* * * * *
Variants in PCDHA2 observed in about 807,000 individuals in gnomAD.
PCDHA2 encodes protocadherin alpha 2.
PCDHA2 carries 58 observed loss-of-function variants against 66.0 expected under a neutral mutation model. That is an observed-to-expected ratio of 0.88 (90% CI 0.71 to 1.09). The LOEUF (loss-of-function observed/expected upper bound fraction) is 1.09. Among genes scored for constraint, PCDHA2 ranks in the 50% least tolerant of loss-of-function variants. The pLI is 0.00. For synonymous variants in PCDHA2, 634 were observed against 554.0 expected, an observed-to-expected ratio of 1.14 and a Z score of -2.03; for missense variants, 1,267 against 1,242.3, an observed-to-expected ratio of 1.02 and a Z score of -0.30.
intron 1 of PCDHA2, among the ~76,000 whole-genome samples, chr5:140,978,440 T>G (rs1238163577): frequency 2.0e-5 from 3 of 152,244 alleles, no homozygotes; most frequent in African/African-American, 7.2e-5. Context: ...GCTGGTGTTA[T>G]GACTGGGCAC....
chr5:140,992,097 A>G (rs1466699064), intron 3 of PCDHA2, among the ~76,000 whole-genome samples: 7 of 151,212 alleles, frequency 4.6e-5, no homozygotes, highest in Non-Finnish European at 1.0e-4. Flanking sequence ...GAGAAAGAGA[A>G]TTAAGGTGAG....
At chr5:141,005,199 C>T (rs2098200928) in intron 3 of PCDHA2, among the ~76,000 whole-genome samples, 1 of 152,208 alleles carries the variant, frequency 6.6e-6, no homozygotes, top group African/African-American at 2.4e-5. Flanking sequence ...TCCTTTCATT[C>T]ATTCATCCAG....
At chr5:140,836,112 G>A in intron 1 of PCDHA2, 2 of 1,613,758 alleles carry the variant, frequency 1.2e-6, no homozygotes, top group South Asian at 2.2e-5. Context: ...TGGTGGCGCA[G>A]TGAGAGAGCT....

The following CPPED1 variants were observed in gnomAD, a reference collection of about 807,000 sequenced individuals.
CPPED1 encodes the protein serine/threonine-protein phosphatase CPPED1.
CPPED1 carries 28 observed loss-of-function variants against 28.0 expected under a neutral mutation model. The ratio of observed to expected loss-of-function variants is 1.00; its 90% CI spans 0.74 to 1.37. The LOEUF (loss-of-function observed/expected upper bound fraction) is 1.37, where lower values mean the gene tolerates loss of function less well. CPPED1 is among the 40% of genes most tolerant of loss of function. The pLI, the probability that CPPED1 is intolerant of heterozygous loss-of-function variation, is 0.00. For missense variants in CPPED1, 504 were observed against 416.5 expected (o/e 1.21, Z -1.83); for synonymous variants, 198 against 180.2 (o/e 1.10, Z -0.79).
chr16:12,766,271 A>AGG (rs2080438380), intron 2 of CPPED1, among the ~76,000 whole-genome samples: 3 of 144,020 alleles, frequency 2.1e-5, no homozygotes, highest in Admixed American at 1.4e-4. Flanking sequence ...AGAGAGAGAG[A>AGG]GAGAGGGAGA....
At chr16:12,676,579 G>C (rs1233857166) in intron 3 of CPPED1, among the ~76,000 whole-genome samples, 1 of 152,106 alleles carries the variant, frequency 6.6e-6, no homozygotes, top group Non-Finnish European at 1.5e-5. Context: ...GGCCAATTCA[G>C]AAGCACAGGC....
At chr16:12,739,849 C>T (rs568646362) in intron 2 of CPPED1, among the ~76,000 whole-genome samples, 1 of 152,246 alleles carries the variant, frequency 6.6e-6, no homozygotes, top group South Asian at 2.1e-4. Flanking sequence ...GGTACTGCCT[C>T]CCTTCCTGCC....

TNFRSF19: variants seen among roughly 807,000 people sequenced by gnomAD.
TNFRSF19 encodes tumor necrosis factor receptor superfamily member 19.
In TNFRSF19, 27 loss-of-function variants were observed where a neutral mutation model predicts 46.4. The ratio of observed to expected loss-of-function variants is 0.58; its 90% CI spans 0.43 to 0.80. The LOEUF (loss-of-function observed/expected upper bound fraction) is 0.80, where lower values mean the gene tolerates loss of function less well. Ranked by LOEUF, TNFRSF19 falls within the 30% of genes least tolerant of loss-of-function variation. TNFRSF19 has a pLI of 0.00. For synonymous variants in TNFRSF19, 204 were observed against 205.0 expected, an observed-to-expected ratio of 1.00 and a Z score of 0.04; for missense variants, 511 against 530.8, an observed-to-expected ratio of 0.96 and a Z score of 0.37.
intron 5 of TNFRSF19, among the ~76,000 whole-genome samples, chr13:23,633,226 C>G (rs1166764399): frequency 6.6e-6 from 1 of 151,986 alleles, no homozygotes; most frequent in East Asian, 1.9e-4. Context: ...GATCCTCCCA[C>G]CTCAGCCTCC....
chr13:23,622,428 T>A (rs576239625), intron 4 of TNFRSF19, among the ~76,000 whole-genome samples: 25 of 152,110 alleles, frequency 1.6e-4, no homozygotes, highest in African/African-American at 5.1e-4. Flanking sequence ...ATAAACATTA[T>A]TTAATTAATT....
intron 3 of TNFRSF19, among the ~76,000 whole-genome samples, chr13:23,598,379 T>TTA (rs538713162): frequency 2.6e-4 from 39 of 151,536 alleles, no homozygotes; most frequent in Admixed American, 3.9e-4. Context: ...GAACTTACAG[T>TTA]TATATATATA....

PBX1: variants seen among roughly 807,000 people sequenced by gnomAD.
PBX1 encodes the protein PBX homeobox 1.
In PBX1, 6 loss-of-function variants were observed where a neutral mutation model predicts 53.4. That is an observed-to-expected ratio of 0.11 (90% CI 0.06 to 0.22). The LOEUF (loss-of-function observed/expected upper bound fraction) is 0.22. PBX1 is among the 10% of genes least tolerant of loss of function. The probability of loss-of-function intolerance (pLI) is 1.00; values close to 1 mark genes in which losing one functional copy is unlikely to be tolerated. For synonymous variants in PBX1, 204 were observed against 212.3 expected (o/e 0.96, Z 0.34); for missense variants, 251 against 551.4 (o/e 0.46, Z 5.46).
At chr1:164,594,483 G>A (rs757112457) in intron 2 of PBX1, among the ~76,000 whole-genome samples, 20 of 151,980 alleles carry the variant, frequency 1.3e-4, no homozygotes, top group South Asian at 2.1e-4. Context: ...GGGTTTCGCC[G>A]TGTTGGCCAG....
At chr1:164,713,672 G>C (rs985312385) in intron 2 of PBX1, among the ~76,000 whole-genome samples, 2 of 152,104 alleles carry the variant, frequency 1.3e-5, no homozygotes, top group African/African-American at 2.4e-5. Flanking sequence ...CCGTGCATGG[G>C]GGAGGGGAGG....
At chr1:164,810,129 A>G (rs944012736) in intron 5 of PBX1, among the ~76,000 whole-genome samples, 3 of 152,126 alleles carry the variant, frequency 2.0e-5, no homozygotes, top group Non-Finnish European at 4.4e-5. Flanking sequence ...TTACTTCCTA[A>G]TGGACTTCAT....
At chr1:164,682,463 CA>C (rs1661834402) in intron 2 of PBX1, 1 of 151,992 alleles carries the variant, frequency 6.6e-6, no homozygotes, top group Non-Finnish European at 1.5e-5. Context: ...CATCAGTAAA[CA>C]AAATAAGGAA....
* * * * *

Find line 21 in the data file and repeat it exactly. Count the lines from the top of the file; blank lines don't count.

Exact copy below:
PBX1 encodes the protein PBX homeobox 1.